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The Train Rushes By

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Message Dan Fejes

The primaries came roaring through this week (I live in Ohio) so I got the same heavy dose of campaigning many of the rest of you already received. One of the strongest impressions it left is that this election season has many of the bad features of previous ones, only more so. As a result we have not had a discussion of many issues of substance.

First, a few kind words. One of the highlights was the start of the Democratic debate in Cleveland. It began with a question about health care plans and for the next sixteen minutes Clinton and Obama want back and forth over details. I didn't think the exchange had a clear winner but I thought it was great to see them criticizing details of their opponents' plans and defending their own. Afterwards I heard quite a bit of carping about how it went on too long but I disagreed completely - if anything it should have gone on longer. It is an issue of great importance to huge numbers of people. Shouldn't we be hearing about it all the time?

The rest of the run-up was largely hard to stomach. For example, our country is at war but we heard almost nothing about it. The right says the surge "worked". When it was announced over a year ago it was supposed to last until September, with a goal of providing additional security for political reconciliation. We are now six months past the deadline and the reconciliation has indisputably failed. Why weren't the Republicans pressed on it? Why hasn't anyone asked the following: If the surge worked why haven't troops been coming home since September? Is reconciliation still a policy goal for us? If so are there some new deadlines or benchmarks we haven't been told about? If not what is our policy now? How will we benefit, taking into account the following: The massive expense has helped explode our deficits. Now that we are in a recession the Federal Reserve is cutting interest rates to stimulate the economy, but low interest combined with fiscal profligacy has led to a flight from the dollar and a corresponding rise in prices. Wouldn't the money we are spending on the war be better used shoring up the economy? How much money are you willing to spend on it? Is there a dollar amount at which you consider it no longer in the national interest? Most importantly, is there a body count at which it isn't?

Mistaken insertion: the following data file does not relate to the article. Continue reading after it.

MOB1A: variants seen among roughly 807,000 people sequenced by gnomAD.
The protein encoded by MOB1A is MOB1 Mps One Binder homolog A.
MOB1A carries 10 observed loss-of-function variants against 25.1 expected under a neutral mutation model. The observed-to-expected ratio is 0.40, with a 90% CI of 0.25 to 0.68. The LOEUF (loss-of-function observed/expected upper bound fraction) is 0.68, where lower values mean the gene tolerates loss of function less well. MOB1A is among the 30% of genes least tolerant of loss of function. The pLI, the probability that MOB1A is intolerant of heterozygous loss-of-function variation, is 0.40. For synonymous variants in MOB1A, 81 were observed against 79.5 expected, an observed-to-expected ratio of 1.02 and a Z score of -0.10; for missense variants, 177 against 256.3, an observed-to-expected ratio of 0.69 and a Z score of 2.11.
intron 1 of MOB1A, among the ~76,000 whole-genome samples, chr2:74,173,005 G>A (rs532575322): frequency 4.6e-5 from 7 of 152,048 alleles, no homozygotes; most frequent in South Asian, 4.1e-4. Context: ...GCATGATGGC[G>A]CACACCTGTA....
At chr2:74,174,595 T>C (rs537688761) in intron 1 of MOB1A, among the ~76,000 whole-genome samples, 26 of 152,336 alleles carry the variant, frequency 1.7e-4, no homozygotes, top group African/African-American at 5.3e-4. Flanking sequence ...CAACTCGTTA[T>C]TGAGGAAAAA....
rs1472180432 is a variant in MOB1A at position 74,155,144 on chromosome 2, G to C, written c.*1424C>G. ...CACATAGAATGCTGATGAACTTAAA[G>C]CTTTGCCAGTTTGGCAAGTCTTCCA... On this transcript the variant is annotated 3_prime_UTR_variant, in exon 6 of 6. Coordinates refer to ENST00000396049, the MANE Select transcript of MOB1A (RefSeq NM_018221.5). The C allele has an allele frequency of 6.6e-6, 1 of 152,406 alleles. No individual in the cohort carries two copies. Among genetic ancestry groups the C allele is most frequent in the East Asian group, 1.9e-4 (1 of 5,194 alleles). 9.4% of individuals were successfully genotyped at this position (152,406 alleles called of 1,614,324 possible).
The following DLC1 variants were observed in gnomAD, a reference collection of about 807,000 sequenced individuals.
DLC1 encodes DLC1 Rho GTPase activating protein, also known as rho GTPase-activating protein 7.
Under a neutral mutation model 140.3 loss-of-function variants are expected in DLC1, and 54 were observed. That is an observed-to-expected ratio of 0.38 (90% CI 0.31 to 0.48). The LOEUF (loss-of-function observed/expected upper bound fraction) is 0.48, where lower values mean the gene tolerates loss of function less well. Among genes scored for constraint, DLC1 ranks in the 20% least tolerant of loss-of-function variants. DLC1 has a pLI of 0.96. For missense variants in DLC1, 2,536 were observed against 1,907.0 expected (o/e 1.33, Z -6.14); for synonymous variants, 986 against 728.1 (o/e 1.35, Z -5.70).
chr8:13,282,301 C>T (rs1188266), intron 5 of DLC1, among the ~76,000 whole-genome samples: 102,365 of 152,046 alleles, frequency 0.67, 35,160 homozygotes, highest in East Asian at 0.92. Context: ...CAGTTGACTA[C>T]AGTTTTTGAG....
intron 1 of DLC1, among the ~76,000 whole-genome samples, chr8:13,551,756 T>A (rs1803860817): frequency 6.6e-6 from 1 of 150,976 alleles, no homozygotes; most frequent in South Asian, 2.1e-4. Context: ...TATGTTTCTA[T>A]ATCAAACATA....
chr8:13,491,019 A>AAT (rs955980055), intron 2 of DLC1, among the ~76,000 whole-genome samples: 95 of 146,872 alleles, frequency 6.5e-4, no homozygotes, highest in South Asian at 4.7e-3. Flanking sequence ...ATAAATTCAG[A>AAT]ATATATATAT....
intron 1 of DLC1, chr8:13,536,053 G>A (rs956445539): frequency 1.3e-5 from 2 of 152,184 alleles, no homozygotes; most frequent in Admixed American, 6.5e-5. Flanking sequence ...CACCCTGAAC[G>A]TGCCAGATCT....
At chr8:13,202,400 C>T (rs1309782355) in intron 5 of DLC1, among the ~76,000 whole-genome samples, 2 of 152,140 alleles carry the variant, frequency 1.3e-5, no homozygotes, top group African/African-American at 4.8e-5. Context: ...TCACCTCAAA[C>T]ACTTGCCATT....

For the Democrats, what specifically do you plan to do on the economy? I was disgusted by their anti-NAFTA rhetoric because it was such an obvious and insincere pander. Neither candidate spoke about it until setting foot in our state, and both managed to avoid bashing it in Texas. Any attempt to change it would be met with corresponding requests from Canada and Mexico, and something tells me those wouldn't sound nearly as good to us. NAFTA is a complicated free trade agreement that can't just be grabbed and reshaped on the fly. Don't insult our intelligence: That ship has sailed and we know you haven't made it part of your candidacy. Give us a realistic plan for going forward.

I usually write about executive power, but I understand that being able to focus on it implies some very happy things for me. I haven't (so far) had to face a job loss in an increasingly turbulent job market; I haven't seen the value of my home crater or my payments skyrocket; I haven't faced a catastrophic medical expense; I haven't been sent off to war. Part of it is the result of being sensible and making smart decisions but part of it is pure, blind luck. There are people out there who are a lot more sensible and smarter than me who are much worse off. I understand elections are likely to focus on more tangible issues like the disappearing manufacturing base or the tens of millions of un- and under-insured. But even these issues have struggled to get focus. Voters have asked about them, but clearly not emphatically enough. Candidates have only mentioned them in passing on their way to scoring political points against their opponents. Reporters apparently would rather not invest a great deal of time investigating. Presumably talking to experts, analyzing, and returning to the candidates for follow-up is also not considered newsworthy in their organizations. It is probably safe to say the reporters themselves won't confront such an awful situation and therefore assume it is not worth reporting on. I am fine with my preferred issue getting short shrift in favor of other weighty issues, but seeing it overlooked in favor of double talk, personality profiling and endless speculation is very frustrating.

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Dan Fejes lives in northeast Ohio.
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